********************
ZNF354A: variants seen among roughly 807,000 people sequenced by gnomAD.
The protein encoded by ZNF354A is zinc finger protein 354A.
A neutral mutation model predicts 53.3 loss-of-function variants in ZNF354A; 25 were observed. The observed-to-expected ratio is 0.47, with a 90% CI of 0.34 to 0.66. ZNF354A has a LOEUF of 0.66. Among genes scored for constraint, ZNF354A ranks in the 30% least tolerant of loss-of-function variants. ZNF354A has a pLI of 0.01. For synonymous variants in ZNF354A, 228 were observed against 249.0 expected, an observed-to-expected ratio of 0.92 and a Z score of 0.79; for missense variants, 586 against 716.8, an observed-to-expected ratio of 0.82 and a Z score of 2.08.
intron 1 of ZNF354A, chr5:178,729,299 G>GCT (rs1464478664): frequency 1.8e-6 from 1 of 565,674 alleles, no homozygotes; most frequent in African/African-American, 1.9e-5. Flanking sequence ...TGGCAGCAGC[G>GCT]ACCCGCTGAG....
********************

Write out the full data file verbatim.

ZNF354A: variants seen among roughly 807,000 people sequenced by gnomAD.
The protein encoded by ZNF354A is zinc finger protein 354A.
A neutral mutation model predicts 53.3 loss-of-function variants in ZNF354A; 25 were observed. The observed-to-expected ratio is 0.47, with a 90% CI of 0.34 to 0.66. ZNF354A has a LOEUF of 0.66. Among genes scored for constraint, ZNF354A ranks in the 30% least tolerant of loss-of-function variants. ZNF354A has a pLI of 0.01. For synonymous variants in ZNF354A, 228 were observed against 249.0 expected, an observed-to-expected ratio of 0.92 and a Z score of 0.79; for missense variants, 586 against 716.8, an observed-to-expected ratio of 0.82 and a Z score of 2.08.
intron 1 of ZNF354A, chr5:178,729,299 G>GCT (rs1464478664): frequency 1.8e-6 from 1 of 565,674 alleles, no homozygotes; most frequent in African/African-American, 1.9e-5. Flanking sequence ...TGGCAGCAGC[G>GCT]ACCCGCTGAG....